Supreme Court Strikes Down Florida's Strict IQ Cutoff for Death Penalty

On May 27, the U.S. Supreme Court held in Hall v. Florida that Florida's strict IQ cutoff for determining intellectual disability in capital cases is unconstitutional. The Court concluded, "Florida’s law contravenes our Nation’s commitment to dignity and its duty to teach human decency as the mark of a civilized world." In 2002, the Court banned the execution of people with "mental retardation," but allowed states leeway in selecting a process for determining who would qualify for that exemption. According to Florida's Supreme Court, defendants with an IQ even one point above 70 cannot be considered intellectually disabled, even though most states allow for a margin of error in such tests. The Supreme Court's ruling stated that Florida's strict rule "disregards established medical practice" and noted that the "vast majority of states" rejected such a narrow interpretation of IQ scores. The Court held that, "When a defendant's IQ test score falls within the test's acknowledged and inherent margin of error, the defendant must be able to present additional evidence of intellectual disability, including testimony regarding adaptive deficits." Hall will receive a new hearing on his intellectual disability claim.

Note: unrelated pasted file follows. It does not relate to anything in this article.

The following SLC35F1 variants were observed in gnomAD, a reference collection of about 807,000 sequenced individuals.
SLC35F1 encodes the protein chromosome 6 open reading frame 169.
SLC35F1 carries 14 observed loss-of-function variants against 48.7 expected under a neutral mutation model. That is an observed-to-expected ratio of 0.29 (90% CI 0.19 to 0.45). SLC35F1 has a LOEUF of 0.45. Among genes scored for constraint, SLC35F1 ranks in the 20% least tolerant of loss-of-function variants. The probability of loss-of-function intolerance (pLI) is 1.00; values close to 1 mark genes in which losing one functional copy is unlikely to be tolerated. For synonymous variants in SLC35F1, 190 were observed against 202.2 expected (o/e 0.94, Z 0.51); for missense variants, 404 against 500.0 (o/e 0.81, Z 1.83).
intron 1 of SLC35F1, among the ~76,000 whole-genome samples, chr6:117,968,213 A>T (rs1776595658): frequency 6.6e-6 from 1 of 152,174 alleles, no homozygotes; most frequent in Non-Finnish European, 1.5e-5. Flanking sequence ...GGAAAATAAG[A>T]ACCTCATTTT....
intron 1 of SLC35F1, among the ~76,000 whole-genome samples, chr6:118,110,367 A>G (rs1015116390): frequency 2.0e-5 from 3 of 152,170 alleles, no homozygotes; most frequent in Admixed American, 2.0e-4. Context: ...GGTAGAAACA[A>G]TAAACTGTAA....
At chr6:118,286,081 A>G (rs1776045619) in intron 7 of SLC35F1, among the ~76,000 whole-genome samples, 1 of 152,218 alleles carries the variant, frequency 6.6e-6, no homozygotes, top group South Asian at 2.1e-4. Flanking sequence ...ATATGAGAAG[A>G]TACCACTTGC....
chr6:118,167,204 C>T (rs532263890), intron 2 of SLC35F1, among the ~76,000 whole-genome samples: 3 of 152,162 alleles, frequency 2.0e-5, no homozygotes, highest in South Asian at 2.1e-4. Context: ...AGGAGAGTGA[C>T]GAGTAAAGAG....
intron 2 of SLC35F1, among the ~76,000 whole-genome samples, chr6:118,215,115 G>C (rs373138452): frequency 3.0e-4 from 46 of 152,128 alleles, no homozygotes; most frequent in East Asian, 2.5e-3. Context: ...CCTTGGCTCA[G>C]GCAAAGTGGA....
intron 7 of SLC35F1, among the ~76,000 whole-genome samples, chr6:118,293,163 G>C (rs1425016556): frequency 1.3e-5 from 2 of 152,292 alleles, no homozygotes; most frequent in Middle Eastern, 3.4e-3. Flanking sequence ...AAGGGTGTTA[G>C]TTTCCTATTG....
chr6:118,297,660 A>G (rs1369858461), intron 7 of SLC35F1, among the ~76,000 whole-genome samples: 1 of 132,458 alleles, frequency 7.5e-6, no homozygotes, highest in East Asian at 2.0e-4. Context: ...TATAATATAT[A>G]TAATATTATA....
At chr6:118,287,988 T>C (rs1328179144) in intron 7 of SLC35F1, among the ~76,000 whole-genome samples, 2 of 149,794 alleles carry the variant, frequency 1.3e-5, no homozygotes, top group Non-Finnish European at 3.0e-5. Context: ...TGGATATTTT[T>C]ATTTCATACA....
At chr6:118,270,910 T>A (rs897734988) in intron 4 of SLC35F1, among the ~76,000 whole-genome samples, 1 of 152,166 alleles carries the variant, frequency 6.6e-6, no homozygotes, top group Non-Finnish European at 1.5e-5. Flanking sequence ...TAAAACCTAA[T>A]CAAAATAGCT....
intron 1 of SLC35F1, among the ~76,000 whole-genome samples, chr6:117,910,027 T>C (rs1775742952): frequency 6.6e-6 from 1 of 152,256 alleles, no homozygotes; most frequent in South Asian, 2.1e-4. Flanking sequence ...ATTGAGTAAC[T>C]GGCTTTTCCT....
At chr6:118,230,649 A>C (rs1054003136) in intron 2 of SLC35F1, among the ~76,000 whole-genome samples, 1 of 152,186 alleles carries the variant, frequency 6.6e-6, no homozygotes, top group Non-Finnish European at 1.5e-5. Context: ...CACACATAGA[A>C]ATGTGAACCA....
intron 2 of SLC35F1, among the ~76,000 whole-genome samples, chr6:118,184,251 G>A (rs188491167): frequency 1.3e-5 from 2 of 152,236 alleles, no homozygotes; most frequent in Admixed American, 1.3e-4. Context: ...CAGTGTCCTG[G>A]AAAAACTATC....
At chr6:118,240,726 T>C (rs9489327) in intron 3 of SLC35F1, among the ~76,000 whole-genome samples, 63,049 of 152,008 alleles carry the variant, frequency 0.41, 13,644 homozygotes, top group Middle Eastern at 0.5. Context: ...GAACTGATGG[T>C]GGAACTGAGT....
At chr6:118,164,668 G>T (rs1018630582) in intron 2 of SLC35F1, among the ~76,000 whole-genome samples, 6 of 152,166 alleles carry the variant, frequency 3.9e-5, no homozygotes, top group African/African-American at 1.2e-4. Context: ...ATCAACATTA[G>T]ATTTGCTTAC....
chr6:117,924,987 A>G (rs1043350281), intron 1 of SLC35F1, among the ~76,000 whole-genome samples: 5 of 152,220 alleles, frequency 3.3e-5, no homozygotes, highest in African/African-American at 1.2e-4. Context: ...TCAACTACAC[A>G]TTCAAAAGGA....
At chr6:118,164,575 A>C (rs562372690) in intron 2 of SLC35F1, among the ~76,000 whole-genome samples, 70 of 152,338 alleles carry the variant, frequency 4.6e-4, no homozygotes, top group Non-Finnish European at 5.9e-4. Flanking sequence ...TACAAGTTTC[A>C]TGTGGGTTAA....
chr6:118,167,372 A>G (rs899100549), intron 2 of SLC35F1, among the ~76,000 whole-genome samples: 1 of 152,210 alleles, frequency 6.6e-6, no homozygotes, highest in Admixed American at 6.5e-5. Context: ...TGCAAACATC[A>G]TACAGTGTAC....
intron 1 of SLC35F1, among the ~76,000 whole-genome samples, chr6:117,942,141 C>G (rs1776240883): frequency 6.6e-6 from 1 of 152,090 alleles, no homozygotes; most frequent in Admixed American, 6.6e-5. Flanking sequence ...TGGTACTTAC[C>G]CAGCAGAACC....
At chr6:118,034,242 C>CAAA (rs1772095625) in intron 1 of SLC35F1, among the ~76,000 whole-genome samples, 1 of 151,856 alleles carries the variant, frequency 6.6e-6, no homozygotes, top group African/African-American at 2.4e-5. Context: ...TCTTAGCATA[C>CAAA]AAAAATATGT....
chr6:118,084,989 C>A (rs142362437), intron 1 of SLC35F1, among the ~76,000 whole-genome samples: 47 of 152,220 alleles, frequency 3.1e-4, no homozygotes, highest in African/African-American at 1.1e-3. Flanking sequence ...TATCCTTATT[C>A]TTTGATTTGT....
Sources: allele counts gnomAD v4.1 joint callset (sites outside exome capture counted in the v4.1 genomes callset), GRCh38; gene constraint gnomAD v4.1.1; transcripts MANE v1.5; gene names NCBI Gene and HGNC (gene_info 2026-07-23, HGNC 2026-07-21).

(R. Wolf, "High court bars rigid IQ cutoff for executions," USA Today, May 27, 2014). Read the full ruling here. See U.S. Supreme Court and Intellectual Disability.